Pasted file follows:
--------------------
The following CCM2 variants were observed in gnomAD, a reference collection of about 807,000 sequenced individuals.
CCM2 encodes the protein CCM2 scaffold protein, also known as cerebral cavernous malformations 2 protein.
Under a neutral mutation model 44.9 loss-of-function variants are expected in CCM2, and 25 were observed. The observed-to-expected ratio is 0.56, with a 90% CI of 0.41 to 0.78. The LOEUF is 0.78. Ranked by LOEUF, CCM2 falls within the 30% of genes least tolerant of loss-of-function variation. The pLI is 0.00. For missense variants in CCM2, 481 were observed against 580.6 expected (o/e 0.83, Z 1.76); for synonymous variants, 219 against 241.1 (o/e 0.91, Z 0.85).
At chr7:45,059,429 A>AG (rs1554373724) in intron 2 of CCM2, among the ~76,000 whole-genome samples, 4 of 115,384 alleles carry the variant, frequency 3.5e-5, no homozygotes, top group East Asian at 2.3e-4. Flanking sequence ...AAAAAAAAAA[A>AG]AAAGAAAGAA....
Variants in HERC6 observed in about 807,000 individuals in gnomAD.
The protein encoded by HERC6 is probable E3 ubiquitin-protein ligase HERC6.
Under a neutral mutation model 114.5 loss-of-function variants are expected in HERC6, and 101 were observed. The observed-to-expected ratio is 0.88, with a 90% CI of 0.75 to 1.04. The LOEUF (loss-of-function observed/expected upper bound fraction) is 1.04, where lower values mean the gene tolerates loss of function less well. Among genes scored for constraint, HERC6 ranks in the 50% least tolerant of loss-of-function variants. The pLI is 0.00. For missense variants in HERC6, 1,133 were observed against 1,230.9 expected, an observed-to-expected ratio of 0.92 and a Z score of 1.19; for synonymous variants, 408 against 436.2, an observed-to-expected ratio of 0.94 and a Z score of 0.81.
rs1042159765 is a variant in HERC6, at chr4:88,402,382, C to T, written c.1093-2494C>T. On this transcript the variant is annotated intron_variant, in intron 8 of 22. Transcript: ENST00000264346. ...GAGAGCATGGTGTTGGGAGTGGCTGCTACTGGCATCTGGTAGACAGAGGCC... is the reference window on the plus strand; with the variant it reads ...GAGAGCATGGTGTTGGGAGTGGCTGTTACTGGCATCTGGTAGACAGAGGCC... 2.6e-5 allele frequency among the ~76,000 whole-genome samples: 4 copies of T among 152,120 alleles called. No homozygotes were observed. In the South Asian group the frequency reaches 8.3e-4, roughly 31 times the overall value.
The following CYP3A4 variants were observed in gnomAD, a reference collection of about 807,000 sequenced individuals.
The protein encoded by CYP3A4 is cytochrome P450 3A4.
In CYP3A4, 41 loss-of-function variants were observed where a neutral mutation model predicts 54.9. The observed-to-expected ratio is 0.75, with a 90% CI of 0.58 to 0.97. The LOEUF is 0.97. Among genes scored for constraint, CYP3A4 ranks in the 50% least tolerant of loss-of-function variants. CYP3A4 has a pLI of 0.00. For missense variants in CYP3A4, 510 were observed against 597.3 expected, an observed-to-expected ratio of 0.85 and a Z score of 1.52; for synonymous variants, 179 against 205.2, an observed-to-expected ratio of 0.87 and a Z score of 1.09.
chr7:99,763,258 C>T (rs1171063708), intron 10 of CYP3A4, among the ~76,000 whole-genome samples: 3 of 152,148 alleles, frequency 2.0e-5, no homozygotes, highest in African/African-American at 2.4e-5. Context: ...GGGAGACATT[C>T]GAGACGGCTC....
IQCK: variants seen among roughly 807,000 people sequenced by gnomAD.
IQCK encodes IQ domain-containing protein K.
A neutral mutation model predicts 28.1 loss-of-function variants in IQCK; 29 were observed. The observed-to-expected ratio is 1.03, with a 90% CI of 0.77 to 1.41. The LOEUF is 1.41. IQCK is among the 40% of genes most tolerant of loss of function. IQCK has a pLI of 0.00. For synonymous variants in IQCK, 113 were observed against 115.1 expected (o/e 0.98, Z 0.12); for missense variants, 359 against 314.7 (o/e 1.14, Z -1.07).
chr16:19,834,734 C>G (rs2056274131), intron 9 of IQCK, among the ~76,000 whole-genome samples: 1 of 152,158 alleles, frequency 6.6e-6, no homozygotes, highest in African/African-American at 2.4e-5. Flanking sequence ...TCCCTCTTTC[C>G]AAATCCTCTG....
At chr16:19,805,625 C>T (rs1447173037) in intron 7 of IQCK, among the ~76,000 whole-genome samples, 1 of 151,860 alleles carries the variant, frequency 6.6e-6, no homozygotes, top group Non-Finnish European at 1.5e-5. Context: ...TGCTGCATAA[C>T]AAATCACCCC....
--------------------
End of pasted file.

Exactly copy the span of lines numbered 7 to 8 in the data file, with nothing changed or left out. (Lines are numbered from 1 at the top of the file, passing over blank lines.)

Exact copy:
Under a neutral mutation model 114.5 loss-of-function variants are expected in HERC6, and 101 were observed. The observed-to-expected ratio is 0.88, with a 90% CI of 0.75 to 1.04. The LOEUF (loss-of-function observed/expected upper bound fraction) is 1.04, where lower values mean the gene tolerates loss of function less well. Among genes scored for constraint, HERC6 ranks in the 50% least tolerant of loss-of-function variants. The pLI is 0.00. For missense variants in HERC6, 1,133 were observed against 1,230.9 expected, an observed-to-expected ratio of 0.92 and a Z score of 1.19; for synonymous variants, 408 against 436.2, an observed-to-expected ratio of 0.94 and a Z score of 0.81.
rs1042159765 is a variant in HERC6, at chr4:88,402,382, C to T, written c.1093-2494C>T. On this transcript the variant is annotated intron_variant, in intron 8 of 22. Transcript: ENST00000264346. ...GAGAGCATGGTGTTGGGAGTGGCTGCTACTGGCATCTGGTAGACAGAGGCC... is the reference window on the plus strand; with the variant it reads ...GAGAGCATGGTGTTGGGAGTGGCTGTTACTGGCATCTGGTAGACAGAGGCC... 2.6e-5 allele frequency among the ~76,000 whole-genome samples: 4 copies of T among 152,120 alleles called. No homozygotes were observed. In the South Asian group the frequency reaches 8.3e-4, roughly 31 times the overall value.